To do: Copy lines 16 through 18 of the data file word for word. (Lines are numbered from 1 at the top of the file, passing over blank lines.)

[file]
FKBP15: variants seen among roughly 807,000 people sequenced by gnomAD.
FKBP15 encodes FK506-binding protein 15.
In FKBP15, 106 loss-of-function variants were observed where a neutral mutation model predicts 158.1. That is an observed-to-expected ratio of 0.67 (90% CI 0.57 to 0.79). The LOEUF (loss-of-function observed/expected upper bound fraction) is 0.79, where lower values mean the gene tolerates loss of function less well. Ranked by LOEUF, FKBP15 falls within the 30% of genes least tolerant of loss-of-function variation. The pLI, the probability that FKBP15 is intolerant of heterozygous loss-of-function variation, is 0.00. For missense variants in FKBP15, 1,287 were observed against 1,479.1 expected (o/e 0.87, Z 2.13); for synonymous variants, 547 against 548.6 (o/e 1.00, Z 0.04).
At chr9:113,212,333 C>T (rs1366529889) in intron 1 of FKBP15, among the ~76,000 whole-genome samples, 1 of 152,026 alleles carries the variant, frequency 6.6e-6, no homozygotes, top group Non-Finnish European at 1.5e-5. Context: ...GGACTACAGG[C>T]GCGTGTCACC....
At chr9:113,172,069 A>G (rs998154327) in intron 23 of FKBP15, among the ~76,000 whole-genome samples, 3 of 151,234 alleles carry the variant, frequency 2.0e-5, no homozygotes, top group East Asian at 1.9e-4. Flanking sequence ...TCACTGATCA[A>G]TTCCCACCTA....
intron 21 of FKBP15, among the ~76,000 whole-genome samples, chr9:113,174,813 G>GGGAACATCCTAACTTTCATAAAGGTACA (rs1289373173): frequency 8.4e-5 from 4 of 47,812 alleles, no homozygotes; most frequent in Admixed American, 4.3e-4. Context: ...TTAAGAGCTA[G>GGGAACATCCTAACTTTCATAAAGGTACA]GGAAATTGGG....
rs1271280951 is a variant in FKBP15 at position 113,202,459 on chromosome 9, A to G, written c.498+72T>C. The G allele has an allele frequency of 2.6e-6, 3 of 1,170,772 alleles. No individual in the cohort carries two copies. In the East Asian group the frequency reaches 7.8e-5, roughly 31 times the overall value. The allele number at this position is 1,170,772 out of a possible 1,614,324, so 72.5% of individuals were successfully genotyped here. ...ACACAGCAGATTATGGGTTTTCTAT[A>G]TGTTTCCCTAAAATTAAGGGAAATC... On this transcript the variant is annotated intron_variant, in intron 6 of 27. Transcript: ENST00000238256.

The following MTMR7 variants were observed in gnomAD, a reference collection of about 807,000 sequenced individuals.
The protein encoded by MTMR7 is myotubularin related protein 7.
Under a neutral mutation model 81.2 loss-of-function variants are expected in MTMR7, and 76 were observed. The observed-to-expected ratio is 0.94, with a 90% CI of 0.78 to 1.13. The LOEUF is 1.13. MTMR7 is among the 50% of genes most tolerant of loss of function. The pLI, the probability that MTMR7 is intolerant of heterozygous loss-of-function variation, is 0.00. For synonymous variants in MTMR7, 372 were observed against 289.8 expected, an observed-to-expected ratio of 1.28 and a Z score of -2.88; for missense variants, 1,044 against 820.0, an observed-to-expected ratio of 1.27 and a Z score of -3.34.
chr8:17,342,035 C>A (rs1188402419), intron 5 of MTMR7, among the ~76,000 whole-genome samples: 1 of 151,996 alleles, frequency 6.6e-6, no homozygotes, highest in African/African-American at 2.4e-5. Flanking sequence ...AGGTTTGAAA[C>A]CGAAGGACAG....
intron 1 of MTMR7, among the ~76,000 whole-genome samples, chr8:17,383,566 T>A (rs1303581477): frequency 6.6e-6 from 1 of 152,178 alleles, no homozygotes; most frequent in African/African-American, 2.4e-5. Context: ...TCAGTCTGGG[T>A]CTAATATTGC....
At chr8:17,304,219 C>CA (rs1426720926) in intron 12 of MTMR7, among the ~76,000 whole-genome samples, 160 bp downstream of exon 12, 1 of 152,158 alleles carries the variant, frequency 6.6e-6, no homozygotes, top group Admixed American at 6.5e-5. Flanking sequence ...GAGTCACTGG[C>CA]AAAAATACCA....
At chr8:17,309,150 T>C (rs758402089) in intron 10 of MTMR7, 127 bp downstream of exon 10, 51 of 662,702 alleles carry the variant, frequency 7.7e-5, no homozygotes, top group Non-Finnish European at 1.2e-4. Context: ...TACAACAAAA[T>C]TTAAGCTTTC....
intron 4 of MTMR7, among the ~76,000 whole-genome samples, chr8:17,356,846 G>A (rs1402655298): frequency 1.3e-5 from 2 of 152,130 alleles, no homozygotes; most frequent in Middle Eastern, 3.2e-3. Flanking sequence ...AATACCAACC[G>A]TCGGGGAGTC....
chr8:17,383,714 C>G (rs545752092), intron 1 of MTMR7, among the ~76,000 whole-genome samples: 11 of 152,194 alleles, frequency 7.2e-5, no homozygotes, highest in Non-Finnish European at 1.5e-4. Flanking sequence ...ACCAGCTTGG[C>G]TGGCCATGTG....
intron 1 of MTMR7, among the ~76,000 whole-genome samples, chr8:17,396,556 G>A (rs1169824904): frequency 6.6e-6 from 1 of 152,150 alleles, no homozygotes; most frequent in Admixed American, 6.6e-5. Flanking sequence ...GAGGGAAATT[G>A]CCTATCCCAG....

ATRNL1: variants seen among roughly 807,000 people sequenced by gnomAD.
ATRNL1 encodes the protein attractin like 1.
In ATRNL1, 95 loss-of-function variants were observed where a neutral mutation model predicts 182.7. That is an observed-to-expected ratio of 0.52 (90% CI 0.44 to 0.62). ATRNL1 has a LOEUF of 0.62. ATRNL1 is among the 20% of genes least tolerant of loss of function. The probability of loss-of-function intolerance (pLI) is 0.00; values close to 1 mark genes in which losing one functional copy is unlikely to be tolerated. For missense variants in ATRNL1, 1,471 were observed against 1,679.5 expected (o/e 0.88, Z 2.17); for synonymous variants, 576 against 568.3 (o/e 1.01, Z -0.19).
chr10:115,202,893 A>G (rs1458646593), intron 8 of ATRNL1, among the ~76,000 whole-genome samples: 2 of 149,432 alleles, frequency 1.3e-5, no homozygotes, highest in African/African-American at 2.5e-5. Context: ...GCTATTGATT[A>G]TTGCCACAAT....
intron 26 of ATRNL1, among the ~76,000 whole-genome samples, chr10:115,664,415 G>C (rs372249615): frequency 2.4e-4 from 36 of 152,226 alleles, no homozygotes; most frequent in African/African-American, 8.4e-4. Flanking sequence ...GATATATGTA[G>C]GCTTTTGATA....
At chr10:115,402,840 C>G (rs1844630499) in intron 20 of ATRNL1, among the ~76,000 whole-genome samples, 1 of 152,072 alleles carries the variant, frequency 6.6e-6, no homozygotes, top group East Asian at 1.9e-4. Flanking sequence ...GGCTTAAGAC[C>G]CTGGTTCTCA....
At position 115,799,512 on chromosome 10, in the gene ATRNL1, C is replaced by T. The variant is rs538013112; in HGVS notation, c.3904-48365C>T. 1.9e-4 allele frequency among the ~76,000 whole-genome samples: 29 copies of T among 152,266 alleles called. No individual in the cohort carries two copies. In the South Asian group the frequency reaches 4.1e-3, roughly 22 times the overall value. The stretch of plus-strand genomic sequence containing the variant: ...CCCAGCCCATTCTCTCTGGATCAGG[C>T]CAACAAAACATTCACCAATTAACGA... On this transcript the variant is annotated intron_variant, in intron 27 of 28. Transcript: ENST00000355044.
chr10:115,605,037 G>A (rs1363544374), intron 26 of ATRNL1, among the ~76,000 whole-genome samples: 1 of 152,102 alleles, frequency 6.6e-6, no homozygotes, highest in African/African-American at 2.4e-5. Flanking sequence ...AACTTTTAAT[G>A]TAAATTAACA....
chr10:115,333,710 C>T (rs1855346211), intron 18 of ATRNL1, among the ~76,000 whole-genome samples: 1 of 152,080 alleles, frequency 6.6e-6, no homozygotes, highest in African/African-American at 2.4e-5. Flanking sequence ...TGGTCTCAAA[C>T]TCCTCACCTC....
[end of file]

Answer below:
chr8:17,383,714 C>G (rs545752092), intron 1 of MTMR7, among the ~76,000 whole-genome samples: 11 of 152,194 alleles, frequency 7.2e-5, no homozygotes, highest in Non-Finnish European at 1.5e-4. Flanking sequence ...ACCAGCTTGG[C>G]TGGCCATGTG....
intron 1 of MTMR7, among the ~76,000 whole-genome samples, chr8:17,396,556 G>A (rs1169824904): frequency 6.6e-6 from 1 of 152,150 alleles, no homozygotes; most frequent in Admixed American, 6.6e-5. Flanking sequence ...GAGGGAAATT[G>A]CCTATCCCAG....

ATRNL1: variants seen among roughly 807,000 people sequenced by gnomAD.